For a long time, it was common practice to use a pruning sealer when trimming trees — a seemingly common-sense practice recommended by trained arborists and nursery workers alike. Generations of homeowners grew up believing that painting on an application of pruning sealer on trees limbs/branches was an integral part of “safe” tree pruning.

No longer. “Current best practices no longer recommend applying sealants to tree wounds,” says Karl Flocke, a woodland ecologist who works for the Texas A&M Forest Service.

So let’s talk about why it’s now considered a gardening myth and how yesterday’s tree bandage became today’s bad practice.

What is tree pruning sealer?

A tree pruning sealer is a specially designed waterproof product that is applied, or “painted,” onto the exposed cut on a limb or branch after pruning. For many, many years — and still to this day in some cases — people were told by an arborist that tree wound had to be covered with a sealant.

A tree pruning sealer is a bandage of sorts meant to cover the wound. Their packaging claims to aid in the healing of pruning cuts, minimize sap loss, and protect trees from decay, insects, and fungi.

It was an easy DIY project, the product was (and still is) in stock at all garden and big box stores, so it became ingrained as a habit for homeowners.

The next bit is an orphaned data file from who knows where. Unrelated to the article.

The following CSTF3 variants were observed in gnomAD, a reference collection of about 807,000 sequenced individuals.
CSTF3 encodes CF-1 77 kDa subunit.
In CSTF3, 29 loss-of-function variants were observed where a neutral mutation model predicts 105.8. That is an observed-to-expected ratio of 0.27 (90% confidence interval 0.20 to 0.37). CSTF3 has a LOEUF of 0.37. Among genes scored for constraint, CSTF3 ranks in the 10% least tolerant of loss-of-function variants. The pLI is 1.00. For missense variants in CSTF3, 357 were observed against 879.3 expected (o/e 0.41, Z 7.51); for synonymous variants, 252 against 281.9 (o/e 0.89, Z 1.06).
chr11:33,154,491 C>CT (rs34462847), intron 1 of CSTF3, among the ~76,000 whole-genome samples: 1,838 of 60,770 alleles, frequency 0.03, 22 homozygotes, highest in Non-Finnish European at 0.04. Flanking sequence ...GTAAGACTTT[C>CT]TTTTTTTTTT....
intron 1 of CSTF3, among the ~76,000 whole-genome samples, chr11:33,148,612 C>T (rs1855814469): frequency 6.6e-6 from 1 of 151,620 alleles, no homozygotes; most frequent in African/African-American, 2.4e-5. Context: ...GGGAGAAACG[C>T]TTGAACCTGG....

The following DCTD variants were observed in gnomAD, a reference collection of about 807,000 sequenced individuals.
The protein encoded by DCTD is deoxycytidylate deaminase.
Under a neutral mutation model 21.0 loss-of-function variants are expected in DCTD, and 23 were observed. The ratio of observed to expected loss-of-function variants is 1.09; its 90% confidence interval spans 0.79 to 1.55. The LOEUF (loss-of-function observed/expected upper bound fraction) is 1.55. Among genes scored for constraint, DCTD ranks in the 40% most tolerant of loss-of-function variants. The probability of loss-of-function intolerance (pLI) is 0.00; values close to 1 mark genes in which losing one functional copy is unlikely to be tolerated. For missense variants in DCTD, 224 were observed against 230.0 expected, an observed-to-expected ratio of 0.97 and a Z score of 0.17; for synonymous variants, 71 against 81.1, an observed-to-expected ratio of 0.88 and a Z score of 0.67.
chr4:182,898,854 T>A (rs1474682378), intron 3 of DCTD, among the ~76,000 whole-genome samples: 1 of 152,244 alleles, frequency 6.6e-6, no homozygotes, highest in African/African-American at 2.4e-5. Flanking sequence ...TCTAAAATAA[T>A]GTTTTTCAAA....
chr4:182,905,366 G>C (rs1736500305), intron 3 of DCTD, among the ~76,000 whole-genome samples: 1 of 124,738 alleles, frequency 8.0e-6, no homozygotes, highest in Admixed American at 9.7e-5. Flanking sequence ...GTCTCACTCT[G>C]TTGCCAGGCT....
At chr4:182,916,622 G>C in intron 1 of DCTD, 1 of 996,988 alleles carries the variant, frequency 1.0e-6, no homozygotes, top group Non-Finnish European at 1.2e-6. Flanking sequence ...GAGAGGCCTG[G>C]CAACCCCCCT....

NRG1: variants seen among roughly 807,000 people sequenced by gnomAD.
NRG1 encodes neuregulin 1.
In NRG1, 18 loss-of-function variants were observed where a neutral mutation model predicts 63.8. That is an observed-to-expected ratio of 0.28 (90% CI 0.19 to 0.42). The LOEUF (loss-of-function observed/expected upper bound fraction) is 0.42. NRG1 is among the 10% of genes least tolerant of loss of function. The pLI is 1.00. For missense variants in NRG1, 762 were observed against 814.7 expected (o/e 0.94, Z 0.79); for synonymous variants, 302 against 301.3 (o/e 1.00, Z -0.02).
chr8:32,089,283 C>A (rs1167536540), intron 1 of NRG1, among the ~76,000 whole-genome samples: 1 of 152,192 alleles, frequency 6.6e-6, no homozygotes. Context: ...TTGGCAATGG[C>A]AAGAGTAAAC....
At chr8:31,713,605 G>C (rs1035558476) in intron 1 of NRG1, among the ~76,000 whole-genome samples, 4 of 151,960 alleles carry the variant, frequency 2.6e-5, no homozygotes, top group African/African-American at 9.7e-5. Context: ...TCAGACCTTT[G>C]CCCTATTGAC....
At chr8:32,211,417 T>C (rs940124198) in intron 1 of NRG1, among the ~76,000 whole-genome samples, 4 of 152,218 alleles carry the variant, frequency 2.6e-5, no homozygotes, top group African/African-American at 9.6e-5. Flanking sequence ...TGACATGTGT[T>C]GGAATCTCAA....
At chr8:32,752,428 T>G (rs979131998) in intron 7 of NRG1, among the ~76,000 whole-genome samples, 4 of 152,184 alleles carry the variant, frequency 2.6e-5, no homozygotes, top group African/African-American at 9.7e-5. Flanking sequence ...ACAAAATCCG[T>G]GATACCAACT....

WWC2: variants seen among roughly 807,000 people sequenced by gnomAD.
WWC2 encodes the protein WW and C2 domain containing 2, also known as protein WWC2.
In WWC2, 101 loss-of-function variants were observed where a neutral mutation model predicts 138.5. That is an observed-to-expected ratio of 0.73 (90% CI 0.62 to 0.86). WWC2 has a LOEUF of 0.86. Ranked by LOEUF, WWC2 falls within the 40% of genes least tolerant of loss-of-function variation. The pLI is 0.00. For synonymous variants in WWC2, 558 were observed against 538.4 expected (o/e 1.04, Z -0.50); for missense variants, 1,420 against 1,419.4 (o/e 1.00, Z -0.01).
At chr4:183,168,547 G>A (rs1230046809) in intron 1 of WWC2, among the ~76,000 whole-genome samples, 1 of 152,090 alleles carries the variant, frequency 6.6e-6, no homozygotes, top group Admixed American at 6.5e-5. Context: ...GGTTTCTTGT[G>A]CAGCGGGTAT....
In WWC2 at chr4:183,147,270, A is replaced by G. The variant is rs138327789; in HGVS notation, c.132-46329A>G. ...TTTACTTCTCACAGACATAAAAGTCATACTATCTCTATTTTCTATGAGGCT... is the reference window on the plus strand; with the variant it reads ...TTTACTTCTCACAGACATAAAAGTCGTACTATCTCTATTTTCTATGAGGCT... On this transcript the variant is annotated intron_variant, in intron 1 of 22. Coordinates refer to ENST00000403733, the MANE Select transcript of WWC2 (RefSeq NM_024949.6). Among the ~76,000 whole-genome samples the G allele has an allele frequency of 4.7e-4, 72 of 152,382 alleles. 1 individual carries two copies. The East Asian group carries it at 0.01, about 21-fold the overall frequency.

While good in theory, scientific research conducted by Alex Shigo of the U.S. Forest Service in the late 1970s explained that pruning cuts should not be painted. Rather, the tree should be left to heal through its own devices after you prune it. He emphasized the importance of following proper pruning practices. Let a fresh cut heal naturally instead of covering it with a wound dressing, he urged.

Why tree sealant fell from grace

Later studies confirmed Shigo’s work. Today’s arborists are trained to consider sealers a bad practice because they make it harder for trees to recover after pruning.

It’s important to understand that trees don’t really heal after they have been damaged. According to the University of Arizona Cooperative Extension, they instead isolate damage through a process called compartmentalization. Callus tissue develops at the edge of the wound and gradually grows in toward the center. When trees are pruned correctly this new growth eventually covers the pruning wounds, protecting the damaged trees.